O’Connell Family, Earlville
Friday, August 14
The O’Connell Family began farming in 1994 when Marilyn O’Connell and her husband Pat rented their current farm from her parents. Over the next 10 years, they made renovations to every building on the farm before buying it in 2004. Today, along with their children Cory, Carrie, Emily and Andy, they work together to operate the 195 acres with 65 milking cows and 10 dry cows with a rolling herd average of 28,000 pounds. The O’Connells also raise their own replacement heifers and stock cow herd that consists of 32 cows. One hundred acres of corn, 55 acres of alfalfa, and 35 acres of pasture are planted on the land. Pat and Marilyn’s eldest son Cory rents his grandma’s farm in New Vienna, IA and buys bull calves from his parents to raise. Their eldest daughter Carries works for Wyffels Seed Corn Company. Both return home often to help around the farm. Emily will be attending Kirkwood Community College in the fall, and Andy will be a sophomore at Maquoketa High School. All four of their children were very active in 4H and FFA..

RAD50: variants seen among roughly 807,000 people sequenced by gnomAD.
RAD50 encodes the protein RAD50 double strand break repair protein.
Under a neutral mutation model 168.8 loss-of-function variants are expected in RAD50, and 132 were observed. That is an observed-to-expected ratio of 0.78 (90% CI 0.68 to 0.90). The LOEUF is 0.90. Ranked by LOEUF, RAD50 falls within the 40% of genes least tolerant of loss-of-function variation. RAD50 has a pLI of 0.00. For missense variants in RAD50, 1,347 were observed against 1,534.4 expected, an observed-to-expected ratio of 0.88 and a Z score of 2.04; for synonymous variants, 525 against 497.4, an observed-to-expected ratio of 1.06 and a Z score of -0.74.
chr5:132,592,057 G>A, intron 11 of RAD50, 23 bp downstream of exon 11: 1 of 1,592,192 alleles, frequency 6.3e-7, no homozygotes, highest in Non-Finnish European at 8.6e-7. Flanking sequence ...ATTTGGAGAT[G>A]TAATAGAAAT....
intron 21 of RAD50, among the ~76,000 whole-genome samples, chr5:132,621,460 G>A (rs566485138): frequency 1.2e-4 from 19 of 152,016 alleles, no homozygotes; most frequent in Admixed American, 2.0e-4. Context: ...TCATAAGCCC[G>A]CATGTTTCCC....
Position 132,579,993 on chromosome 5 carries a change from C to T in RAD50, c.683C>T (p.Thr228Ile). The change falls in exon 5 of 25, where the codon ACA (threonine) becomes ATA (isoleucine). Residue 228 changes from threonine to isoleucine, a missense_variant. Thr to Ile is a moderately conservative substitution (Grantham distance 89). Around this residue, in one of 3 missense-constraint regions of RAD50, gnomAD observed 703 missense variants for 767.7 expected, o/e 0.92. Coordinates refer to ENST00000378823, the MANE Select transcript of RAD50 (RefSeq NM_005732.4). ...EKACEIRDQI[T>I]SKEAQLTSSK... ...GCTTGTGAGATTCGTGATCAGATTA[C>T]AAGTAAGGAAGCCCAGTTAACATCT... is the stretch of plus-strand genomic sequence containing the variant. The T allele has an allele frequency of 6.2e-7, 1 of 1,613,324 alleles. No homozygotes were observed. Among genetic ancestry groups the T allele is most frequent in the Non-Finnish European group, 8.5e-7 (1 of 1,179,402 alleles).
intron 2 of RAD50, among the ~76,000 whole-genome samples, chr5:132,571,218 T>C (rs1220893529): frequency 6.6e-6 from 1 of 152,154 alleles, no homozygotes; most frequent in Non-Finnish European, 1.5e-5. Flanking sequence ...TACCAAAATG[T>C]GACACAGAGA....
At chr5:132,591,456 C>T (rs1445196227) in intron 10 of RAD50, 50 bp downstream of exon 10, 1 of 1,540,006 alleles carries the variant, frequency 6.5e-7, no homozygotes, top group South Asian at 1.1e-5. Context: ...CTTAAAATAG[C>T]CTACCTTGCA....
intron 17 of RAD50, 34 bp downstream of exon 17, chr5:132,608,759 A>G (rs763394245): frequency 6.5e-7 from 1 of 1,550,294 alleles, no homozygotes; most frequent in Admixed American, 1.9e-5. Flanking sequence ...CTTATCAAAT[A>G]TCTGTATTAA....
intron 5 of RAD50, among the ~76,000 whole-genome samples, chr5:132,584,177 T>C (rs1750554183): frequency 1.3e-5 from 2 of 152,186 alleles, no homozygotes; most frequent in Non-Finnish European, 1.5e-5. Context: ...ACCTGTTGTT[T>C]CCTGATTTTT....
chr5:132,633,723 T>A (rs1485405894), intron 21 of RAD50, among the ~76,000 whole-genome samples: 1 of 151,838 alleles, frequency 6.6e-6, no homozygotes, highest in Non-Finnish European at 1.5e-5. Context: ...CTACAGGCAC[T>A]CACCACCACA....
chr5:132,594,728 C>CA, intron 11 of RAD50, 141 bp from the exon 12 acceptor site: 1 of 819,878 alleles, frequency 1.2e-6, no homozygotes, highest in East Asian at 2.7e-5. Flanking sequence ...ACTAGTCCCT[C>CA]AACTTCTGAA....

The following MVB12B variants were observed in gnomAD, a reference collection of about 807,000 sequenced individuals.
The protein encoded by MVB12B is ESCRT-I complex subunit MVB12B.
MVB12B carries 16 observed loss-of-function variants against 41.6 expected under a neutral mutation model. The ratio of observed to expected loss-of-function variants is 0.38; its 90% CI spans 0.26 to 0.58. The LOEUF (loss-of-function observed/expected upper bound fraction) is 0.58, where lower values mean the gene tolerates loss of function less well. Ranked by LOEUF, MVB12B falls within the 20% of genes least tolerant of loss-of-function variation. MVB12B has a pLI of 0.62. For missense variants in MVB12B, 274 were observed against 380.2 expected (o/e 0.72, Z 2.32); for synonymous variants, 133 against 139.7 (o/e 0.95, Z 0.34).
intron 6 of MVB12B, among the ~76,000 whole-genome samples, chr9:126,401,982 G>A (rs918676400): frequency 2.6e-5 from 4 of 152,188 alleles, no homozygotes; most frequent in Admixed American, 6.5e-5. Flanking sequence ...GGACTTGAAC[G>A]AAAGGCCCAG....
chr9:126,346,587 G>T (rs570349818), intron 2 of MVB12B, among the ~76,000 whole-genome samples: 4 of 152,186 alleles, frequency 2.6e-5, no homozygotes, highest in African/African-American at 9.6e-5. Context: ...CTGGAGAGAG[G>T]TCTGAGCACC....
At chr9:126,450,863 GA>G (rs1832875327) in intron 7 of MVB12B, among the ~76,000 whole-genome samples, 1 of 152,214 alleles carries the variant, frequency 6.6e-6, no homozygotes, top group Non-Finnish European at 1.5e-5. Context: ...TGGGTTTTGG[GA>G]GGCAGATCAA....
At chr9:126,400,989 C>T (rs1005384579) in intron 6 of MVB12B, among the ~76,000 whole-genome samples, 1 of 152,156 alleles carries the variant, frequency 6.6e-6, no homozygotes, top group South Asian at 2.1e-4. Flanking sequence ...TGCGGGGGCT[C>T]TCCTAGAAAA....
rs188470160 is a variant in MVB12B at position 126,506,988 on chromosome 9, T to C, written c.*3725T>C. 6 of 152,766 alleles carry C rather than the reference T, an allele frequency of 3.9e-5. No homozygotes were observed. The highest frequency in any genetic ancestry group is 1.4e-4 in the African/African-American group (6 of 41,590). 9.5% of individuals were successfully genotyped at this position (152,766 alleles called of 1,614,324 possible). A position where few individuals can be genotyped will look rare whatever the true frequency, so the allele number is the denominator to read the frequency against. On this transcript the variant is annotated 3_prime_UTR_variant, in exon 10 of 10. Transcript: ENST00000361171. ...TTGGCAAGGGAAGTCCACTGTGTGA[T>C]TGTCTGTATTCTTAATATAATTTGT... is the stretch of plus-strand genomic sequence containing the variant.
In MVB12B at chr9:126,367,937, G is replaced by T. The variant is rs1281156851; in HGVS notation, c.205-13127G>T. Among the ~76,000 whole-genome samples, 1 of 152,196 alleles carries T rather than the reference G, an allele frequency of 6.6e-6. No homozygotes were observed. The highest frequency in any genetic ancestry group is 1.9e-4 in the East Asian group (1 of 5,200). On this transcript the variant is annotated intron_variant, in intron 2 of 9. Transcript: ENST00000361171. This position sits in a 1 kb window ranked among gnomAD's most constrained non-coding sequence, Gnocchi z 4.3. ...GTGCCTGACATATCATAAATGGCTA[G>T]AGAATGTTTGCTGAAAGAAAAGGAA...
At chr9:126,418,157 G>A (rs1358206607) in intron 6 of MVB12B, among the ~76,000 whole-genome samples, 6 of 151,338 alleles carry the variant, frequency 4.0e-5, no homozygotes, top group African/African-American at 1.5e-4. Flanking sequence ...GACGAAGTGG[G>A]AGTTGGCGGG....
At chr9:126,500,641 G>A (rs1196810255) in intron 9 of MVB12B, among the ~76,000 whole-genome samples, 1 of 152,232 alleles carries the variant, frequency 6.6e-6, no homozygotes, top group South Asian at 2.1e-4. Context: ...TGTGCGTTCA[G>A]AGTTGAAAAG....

Mosher Angus Farm, Liscomb
Saturday, August 15
Spanning six generations, the Mosher Angus Farm traces its roots back to the late 1800s when it consisted of beef cattle, dairy cattle, hogs, sheep and chickens. Today, three generations are involved with the daily farming activities, and the farm now consists of Angus cows, a small feedlot, sheep, corn, and alfalfa. Norval and Esther Mosher are the eldest generation on the farm and they feed the cattle, plant, and cook for everyone. Dynette works for Iowa State University and judges at county and State Fair, along with maintaining the farm’s appearance. Norval and Esther’s son Jim is married to Brenda and they manage the cows and ewes. Their daughters Lauren and Leah are in 4-H and FFA and they assist in all aspects of the livestock operation.